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A Christmas Whodunnit
On Our Bookshelves: Envious Casca

NOVEL: Envious Casca

AUTHOR: Georgette Heyer

YEAR OF PUBLICATION: 1941

REVIEW:

It seems seasonally appropriate to write about this murder mystery in December; it takes place in an English country house, with a group of fractious relatives gathered together to celebrate Christmas (chiefly by getting into loud arguments with each other, as they are, for the most part, exceedingly ill-tempered).  When the cantankerous head of the family is found dead in a locked room, the house party is, more than ever, at each other’s throats.  Among others, there’s a merry but annoying uncle, a sullen nephew, a gold-digging fiancé, an aspiring avant garde playwright, and a shady business partner.  Inspector Hemingway of Scotland Yard does his best to investigate the crime, while the quarrelsome suspects all seem to have a distant relationship with the truth.

Georgette Heyer is most famous for her historical romance novels (in fact, she essentially established the genre, as well as the “Regency romance” subgenre), but her contemporary “thrillers” are also entertaining, and quite clever.  I find there to be something rather comforting in detective fiction of this classic type: the mystery is investigated and resolved, the villain punished, and the moral order again restored.  Good reading if you happen to be snowbound, or if you need a little escape from your own difficult relatives.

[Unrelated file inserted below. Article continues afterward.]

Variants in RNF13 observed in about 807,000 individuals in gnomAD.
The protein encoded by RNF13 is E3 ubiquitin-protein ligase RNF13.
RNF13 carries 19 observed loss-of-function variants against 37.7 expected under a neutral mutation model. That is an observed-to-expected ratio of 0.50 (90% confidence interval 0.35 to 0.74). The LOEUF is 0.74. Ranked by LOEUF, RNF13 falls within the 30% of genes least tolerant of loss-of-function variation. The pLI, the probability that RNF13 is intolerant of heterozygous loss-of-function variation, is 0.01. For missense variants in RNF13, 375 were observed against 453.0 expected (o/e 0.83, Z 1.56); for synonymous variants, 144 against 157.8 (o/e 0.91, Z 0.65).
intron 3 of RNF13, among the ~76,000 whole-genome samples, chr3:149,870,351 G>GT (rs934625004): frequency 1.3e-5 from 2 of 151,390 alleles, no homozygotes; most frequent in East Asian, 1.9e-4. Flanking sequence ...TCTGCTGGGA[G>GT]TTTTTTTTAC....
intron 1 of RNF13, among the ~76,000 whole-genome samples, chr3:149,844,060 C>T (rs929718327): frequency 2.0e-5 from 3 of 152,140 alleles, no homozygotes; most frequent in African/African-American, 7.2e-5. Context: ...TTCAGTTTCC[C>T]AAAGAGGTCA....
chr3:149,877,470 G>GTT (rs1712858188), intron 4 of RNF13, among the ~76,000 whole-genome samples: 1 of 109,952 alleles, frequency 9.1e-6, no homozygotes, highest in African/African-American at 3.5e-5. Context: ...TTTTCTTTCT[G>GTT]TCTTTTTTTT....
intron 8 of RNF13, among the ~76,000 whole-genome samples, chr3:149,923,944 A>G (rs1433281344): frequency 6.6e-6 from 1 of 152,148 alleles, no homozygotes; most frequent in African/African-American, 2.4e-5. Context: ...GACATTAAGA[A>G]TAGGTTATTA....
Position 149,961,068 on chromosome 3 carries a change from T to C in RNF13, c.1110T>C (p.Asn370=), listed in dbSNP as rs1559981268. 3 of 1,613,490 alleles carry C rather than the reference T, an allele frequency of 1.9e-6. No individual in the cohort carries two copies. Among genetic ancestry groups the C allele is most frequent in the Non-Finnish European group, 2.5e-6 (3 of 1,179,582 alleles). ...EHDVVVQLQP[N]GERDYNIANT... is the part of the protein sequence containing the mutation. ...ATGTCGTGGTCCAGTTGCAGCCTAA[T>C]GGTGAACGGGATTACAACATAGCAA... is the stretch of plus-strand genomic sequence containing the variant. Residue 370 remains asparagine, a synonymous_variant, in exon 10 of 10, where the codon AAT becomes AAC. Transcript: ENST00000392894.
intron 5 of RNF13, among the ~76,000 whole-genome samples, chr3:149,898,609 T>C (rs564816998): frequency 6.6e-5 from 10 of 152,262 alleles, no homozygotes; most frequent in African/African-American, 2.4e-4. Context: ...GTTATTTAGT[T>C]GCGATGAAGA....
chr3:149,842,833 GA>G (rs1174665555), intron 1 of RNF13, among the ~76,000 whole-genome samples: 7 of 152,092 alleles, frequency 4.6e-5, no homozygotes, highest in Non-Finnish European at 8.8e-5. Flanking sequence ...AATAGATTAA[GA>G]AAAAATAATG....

RATING (one to five whistles, with five being the best): Three Whistles

HOW TO PURCHASE: Amazon

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ALSO ON OUR BOOKSHELVES:

Bleak House, Charles Dickens

Bonjour Tristesse, Francoise Sagan

Bunker Hill, Nathan Philbrick

Burmese Days, George Orwell

Cannery Row, John Steinbeck

Charlotte’s Web, E.B. White

Cloud Atlas, David Mitchell

Cockpit Confidential, Patrick Smith

Foreign Affairs, Alison Lurie

Gaudy Night, Dorothy L. Sayers

Heads In Beds, Jacob Tomsky

Longbourn, Jo Baker

Mother Night, Kurt Vonnegut

Ringworld, Larry Niven

Rose Madder, Stephen King

The Annotated Alice: The Definitive Ed., Lewis Carroll & Martin Gardner (with original illustrations by John Tenniel)

The Dancer of Izu, Kawabata Yasunari

The Prime of Miss Jean Brodie, Muriel Spark

The Unlikely Pilgrimage of Harold Fry, Rachel Joyce

The Unrest-Cure and Other Stories, Saki

The Westing Game, Ellen Raskin

Up At The Villa, W. Somerset Maugham

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Image: Schubbel/Shutterstock.com

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Laura LaVelle is an attorney and writer who lives in Connecticut, in a not quite 100-year-old house, along with her husband, two daughters, and a cockatiel.

Laura can be contacted at laura@newswhistle.com